It’s intriguing to me to understand that colonial parents rather consciously moved away from the Old World view of children as economic resources, and adopted a more relaxed willingness to give their kids some degree of independence and flexibility in their paths to adult life. Of course, kids were put to work at a young age, but parents gave them opportunity and approval to feel engaged in the work and be open to wider horizons and innovation. Europeans thought that American children were “rude, unmannerly and bold.”

There were many circumstantial differences at work. In the colonies and early United States, there was an abundance of cheap land and a shortage of labor, and thus, pervasive opportunities for personal success. The European tradition of primogeniture was largely absent: on our side of the Atlantic, a father’s land and estate did not pass automatically to the firstborn son, so the more egalitarian inheritance practices boosted the life prospects of most children.

Of course, there’s another side to the childhood narrative: slave children in America were often treated as economic units by their owners. That’s a disgusting reality in our history.

Copyright © Richard Carl Subber 2016 All rights reserved.

Saturday, July 30, 2016


It was big news 140 years ago.

The Transcontinental Express made the trip from New York City to San Francisco in 83 hours—only three days and 11 hours!—and stunned the nation. A human being could ride the rails and cross the country in less than four days. Yowza!

The coast-to-coast railroad connection had been completed only seven years earlier, after the federal government had supported the epic project with millions in government bonds and vast land grants. (Quite a few people got rich, illegally, in the process, and some members of Congress were in that clique).

The amazing fact of speedy passage from sea to shining seas was celebrated as a boon to commercial and industrial development, and to the national prestige of the United States, which had more miles of railroad track than any other country.

Some of the folks who read the news on June 4, 1876, could remember that it took Vice President Jefferson 10 days to travel the 225 miles, using horsepower, from Monticello to his office in Philadelphia (the national capital until 1801). notes that at the time, the 100-mile trip from Philadelphia to New York City required “two days hard travel in a light stagecoach.” The word “comfortable” wasn’t used in any ads by stagecoach operators.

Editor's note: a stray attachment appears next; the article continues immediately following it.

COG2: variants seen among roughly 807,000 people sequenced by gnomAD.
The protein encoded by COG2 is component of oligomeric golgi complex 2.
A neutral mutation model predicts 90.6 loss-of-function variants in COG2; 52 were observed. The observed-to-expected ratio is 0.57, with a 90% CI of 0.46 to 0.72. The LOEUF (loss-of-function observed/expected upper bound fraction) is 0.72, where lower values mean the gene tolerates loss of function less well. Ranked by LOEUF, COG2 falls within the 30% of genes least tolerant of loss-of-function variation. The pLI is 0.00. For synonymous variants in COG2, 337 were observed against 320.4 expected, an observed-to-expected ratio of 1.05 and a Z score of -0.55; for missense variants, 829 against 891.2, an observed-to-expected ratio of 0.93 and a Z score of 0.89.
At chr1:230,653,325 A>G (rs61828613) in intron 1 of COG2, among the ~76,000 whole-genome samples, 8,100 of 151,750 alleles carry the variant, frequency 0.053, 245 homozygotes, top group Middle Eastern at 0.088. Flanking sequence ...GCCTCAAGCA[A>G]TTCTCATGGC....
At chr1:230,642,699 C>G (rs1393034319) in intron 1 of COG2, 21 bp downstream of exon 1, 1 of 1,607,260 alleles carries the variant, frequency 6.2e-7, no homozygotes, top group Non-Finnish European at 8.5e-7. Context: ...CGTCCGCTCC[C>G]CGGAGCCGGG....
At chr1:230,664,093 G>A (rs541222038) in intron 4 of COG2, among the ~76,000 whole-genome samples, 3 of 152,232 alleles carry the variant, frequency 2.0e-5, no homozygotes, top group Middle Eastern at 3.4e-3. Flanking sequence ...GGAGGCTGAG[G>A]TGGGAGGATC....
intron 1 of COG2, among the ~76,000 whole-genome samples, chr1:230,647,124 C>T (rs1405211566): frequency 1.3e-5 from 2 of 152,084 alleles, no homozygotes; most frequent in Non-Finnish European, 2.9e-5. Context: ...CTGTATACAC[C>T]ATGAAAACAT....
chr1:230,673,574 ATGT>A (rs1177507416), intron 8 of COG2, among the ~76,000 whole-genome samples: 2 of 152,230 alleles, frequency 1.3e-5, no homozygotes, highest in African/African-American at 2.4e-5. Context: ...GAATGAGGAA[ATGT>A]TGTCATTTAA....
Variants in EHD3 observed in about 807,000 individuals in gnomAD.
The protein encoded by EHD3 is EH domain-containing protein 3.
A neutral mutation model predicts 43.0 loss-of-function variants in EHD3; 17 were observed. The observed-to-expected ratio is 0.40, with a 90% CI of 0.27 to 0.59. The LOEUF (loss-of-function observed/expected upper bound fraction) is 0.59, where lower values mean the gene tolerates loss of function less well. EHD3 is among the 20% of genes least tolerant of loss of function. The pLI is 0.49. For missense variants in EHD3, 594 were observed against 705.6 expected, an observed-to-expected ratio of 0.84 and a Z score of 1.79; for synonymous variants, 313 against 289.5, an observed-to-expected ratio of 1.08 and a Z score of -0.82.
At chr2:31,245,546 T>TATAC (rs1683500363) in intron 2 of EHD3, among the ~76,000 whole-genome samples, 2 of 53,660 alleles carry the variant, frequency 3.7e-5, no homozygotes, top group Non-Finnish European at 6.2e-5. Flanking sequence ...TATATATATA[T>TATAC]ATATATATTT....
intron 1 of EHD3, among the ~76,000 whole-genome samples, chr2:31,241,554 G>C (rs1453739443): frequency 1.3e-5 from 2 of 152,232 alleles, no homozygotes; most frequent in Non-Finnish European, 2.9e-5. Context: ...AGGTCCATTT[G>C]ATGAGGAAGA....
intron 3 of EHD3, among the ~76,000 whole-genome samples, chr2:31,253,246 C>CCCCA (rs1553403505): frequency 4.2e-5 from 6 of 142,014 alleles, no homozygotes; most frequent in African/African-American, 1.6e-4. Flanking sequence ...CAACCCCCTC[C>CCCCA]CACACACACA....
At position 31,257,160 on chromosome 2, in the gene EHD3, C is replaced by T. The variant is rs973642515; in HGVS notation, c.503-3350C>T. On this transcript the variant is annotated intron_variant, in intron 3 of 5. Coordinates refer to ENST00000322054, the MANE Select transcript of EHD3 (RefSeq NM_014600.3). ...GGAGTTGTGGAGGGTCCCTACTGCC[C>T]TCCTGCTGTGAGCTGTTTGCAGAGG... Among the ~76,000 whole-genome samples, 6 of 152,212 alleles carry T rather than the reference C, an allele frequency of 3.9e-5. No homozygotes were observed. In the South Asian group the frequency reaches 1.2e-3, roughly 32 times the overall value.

For a lot of folks, travel on the early transcontinental trains wasn’t much of a treat. First-class passengers wallowed in sumptuous splendor, but third-class travelers got a narrow wooden bench to sit on, no privacy and darn little respect—the third-class coaches often were shunted onto sidings to allow faster express trains to take precedence on the single track that served most of the route. The hoi polloi spent a whole lot more than 83 hours in their noisy coaches as they made the cross-country passage.

Copyright © Richard Carl Subber 2016 All rights reserved.

Friday, June 10, 2016

That tolerance thing

Among the reasons that English Puritans and other colonists came to North America in the 17th century was their desire to escape religious intolerance in Britain.

They brought that intolerance thing across the Atlantic with them.

In 1647 the Puritans in the Massachusetts Bay Colony officially banned Roman Catholic Jesuit priests from their territory, and promised death to priests who ignored the ban.

The English colonists thought Catholicism was blasphemous and perceived the priests as “devils,” in this account on, read it here.

Aside from the religious bias, the English feared the success of the Jesuits in converting American Indians to the Catholic faith, and, as a result, to political and military alliance with the French against the English in their competing efforts to colonize North America.

By the way, the French arrived before the Pilgrims. There was a French trading post in Quebec in 1608.

Antipathy to the French and Catholics lingered in Massachusetts for a long time.

More than a century after the Puritans tried to tell the Jesuits to get lost, Boston authorities in 1772 officially outlawed the practice of religion by “Roman Catholicks” because it was “subversive to society.”

Try substituting the word “Muslims” for “Roman Catholicks.”

Does anything seem familiar?

We still have too many fellow human beings who hate “other people.”

Copyright © Richard Carl Subber 2016 All rights reserved.

Sunday, May 22, 2016

The cod in “Cape Cod”

Some readers may know this, but I didn’t: Cape Cod was named by an English explorer, 

Gosnold (1571-1607)

Bartholomew Gosnold, in 1602. Yup, 18 years before the Mayflower and that Plymouth Rock stuff. His visit is the first recorded European exploration of the Cape Cod area. He also helped settled the Jamestown colony a few years later in Virginia.